As an investment banker for whom business modelling is a part of my typical working day I also found much to learn, and my modelling is more efficient and effective because of this book.
I recommend it without hesitation.
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15 of 16 people found the following review helpful
5.0 out of 5 stars Excellent, 11 Oct 2001
By A Customer
This is an excellent guide to modelling. I had some experience in Excel (I had used basic functions which is probably the minimum level of experience required for this book) but no experience whatsoever of modelling - I have since used most of the techniques described to good effect.
It is also worth noting that my manager, who had considerably more experience than I did, also found this book to be thought-provoking, clearly written and incredibly useful!
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12 of 15 people found the following review helpful
5.0 out of 5 stars I bought this book a week ago and I highly recommend it, 23 Jan 2004
I am an accountant who has inherited the job of preparing next year's budgets for the asset finance arm of an investment bank. I needed to get up to speed on the latest modelling techniques. This book covers key areas well and gives some great keystroke instructions to carry out specific functions. I bought about three books on the subject and, having made some comparisons, this one is bang up to date with what is happening in the world of modelling nowadays. Thanks to the clear layout I was able to skim read it in about six hours after receiving it.
Being the helpful sort of person that I am, let me assist you further by directing you to visit www:\financialmodelling.net and downloading the example spreadsheet for 10. (Paynet takes a few days to go through before you can get the PIN number, so don't leave it until the last minute).
These two recommendations are the distillation of all my recent efforts to master financial modelling. Do this and you will be turning in some good models.
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6 of 8 people found the following review helpful
2.0 out of 5 stars Not really sure who this book is aimed at!, 14 Jun 2009
Verified Purchase(What is this?)
As a qualified accountant (CIMA) who would describe my excel abilities as advanced I bought the book in the hope of sharpening up my modelling skills.

As the title of this review suggests I'm left slightly unsure as to who this book is aimed at as it seems to offer great breadth but no depth.

The Bad:
- as a finance guy there just isn't enough depth in the finance elements to be much use to me.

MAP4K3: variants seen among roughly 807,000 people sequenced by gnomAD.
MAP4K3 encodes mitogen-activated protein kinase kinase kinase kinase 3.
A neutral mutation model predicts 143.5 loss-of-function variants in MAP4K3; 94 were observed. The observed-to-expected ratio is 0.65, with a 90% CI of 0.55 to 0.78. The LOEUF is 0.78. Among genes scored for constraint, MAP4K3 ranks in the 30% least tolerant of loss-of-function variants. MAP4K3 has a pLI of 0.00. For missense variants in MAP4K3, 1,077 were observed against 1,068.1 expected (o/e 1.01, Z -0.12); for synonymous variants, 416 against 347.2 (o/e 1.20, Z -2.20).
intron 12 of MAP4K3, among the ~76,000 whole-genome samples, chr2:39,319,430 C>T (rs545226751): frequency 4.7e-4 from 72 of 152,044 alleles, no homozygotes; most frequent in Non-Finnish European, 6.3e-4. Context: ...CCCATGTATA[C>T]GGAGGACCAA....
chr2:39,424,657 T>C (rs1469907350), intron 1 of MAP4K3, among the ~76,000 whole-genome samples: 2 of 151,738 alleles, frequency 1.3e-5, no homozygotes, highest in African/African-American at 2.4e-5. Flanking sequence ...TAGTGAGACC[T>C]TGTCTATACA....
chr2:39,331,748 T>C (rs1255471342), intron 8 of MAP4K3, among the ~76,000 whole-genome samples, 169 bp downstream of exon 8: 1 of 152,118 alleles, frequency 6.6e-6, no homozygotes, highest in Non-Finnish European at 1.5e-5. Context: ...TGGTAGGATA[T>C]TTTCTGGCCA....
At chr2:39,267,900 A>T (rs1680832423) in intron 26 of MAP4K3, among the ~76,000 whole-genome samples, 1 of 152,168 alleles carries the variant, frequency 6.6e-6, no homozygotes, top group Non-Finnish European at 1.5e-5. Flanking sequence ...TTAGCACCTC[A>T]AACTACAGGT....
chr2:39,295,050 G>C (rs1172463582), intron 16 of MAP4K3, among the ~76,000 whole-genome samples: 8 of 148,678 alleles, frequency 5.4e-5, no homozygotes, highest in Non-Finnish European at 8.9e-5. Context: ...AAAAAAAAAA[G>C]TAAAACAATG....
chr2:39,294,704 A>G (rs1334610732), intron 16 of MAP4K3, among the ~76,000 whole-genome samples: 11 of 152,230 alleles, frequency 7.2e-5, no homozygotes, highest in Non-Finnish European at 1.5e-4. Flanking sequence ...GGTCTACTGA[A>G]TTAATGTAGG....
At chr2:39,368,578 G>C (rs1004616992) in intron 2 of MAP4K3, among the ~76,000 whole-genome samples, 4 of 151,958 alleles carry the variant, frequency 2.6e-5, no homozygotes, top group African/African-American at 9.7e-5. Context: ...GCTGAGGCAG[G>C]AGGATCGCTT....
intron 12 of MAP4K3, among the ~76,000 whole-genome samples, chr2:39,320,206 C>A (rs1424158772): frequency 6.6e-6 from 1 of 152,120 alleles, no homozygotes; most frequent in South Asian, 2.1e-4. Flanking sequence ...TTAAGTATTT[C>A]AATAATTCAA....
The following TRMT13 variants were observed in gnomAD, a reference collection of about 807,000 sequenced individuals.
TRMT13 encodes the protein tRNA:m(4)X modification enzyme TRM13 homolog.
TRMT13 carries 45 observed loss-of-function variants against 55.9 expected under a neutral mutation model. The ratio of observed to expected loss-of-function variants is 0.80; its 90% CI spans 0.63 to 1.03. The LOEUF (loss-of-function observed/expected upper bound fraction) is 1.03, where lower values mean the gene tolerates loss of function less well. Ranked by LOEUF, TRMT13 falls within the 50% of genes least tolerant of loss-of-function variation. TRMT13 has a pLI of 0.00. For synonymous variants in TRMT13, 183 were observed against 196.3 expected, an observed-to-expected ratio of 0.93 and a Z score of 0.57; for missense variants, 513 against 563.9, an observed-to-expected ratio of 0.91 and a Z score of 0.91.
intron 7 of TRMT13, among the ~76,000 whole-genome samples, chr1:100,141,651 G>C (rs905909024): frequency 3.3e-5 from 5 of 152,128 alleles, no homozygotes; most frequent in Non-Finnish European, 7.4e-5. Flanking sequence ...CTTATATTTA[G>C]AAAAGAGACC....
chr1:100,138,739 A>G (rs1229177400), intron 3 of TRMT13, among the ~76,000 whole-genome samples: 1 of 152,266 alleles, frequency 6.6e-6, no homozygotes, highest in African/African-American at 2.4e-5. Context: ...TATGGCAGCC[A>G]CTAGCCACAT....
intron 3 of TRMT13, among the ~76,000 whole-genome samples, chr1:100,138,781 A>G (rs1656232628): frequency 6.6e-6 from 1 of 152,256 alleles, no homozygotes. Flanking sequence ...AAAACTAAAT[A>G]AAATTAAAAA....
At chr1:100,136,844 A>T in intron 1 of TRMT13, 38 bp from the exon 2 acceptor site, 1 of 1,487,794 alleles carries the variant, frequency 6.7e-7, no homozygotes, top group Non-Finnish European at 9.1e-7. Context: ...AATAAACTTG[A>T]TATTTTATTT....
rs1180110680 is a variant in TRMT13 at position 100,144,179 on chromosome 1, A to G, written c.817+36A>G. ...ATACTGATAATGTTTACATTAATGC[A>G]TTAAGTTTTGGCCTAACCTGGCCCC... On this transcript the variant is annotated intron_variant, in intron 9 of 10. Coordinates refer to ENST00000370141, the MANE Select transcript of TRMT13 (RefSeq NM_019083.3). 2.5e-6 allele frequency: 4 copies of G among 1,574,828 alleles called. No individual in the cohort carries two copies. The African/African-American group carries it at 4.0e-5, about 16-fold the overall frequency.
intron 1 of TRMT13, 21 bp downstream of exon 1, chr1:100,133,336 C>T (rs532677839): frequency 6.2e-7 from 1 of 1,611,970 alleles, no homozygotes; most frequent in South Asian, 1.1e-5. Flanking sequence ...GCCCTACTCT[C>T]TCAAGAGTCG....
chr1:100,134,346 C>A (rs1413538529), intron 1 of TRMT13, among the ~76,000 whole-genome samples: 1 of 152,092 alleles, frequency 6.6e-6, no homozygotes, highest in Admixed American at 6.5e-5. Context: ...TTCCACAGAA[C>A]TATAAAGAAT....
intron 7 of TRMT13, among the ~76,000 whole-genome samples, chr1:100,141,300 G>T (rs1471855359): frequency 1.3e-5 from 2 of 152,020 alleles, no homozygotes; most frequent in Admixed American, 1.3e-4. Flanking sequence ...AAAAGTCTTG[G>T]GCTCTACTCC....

- as a non economist there isn't enough explanation of the techniques for me be able to employ them without further reading.
- there's little in the way of the seriously high level excel stuff I was hoping for yet I struggle to see how the genuine novice is going to be able to employ a lot of the more advanced techniques such as offset formulas.
- the excel screenshot images are of a poor quality.
- unlike most excel based books no cd rom is included.

The Good:
- the book is well written by knowledgeable authors
- the first 60 pages give a good insight into modelling best practice which are useful to those who have never seen a professionally built model

The only people who will really get something out of this are non accountants with decent excel skills. For finance professionals I recommend Benninga's Financial Modelling: Financial Modeling

And for those looking to improve their excel Walkenbach's Excel 2003 Formulas: Excel 2003 Formulas and his VBA programming book: Excel 2003 Power Programming with VBA. Both of these can be picked up for a pittance on 'marketplace'.
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4.0 out of 5 stars A Useful Guide - Recommended to All Excel Users, 3 Jan 2013
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This review is from: The Economist Guide to Business Modelling (Hardcover)
It is a very useful book. I have found its detailed knowledge of Excel helpful. Particular points include its emphasis the use of keyboard shortcuts, Excel functions to speed up modelling, scenario building as a means of handling risk and uncertainty and systematic model construction are all well presented. However, although it is a new edition and claims to be updated, in many respects it does not fully incorporate changes in Excel 2010.
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5 of 7 people found the following review helpful
4.0 out of 5 stars Professional Models, 29 Jun 2002
Great book, the lonely planet equivalent to business modelling. The presentation of the book makes it ideal to dip into to solve problems I may have and I have used the examples almost line by line in my models. The section on macros is fantastic and even the simplest touches make any model look much more professional.
I am now the office almanac on excel...worth every penny.
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0 of 3 people found the following review helpful
5.0 out of 5 stars Detailed, structured and informative, 7 May 2007
This book is an excellent guide to business modelling. I found this book to cover modelling at a very practical level. The book is ideal for users who want to become more disciplined and develop models for accurate decision making - Highly recommended for marketing professionals interested in risk management and analysis.
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The Economist Guide to Business Modelling by Graham Friend (Hardcover - 11 Aug 2011)